In a treaty entered into before domestic civil rights legislation was enacted, the United States granted Japanese companies doing business in the United States an unconditional right to hire upper-level management of their choice. Because many Japanese companies choose only to hire Japanese citizens for their upper-level management positions, a conflict exists between the rights granted under the treaty and the mandates of Title VII of the Civil Rights Act. This Note examines this conflict and the attempts made by the Second and Fifth Circuits and the United States Supreme Court to reconcile treaty rights and ostensible Title VII violations.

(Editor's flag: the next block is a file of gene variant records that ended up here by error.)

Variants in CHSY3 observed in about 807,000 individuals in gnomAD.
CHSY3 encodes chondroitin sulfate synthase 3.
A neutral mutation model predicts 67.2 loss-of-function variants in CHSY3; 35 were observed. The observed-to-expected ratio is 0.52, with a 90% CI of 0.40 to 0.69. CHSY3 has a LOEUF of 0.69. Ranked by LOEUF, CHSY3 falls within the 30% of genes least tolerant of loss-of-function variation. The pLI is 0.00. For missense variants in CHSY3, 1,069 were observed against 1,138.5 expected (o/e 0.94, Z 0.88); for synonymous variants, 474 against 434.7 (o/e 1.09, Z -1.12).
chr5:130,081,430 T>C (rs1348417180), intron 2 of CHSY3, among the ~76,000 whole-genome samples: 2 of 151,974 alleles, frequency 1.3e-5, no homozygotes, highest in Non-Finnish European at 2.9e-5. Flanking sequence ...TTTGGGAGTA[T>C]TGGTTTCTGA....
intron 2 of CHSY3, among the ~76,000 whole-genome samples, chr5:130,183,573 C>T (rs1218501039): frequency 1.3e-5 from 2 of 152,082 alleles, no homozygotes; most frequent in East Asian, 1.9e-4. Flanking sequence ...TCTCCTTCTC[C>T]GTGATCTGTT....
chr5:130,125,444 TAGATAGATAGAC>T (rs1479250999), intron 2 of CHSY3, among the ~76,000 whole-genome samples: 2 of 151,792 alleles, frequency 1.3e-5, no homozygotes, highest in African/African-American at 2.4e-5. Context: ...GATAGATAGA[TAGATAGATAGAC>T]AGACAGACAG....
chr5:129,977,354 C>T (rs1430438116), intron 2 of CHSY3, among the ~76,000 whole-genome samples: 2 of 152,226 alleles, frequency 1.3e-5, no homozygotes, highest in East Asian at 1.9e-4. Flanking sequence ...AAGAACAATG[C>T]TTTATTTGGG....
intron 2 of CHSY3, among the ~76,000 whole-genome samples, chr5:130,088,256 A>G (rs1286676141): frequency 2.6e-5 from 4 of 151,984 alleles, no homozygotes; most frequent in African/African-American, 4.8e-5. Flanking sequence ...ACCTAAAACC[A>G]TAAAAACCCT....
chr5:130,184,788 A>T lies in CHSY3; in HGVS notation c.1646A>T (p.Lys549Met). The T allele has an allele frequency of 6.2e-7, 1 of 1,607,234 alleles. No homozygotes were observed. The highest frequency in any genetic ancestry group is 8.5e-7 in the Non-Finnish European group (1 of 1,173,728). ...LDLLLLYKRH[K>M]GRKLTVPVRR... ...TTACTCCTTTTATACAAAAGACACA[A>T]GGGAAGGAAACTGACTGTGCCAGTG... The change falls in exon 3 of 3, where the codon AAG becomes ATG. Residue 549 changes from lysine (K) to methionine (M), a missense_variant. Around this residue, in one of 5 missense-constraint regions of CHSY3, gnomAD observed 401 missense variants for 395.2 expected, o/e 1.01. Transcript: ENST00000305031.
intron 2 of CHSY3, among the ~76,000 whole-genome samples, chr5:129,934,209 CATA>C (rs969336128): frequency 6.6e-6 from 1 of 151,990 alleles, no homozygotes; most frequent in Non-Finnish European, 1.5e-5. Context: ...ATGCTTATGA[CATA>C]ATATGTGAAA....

Japanese Companies on United States Soil: Treaty Privileges vs. Title VII Restraints,
9 Hastings Int'l & Comp. L. Rev. 377
Available at: https://repository.uchastings.edu/hastings_international_comparative_law_review/vol9/iss2/5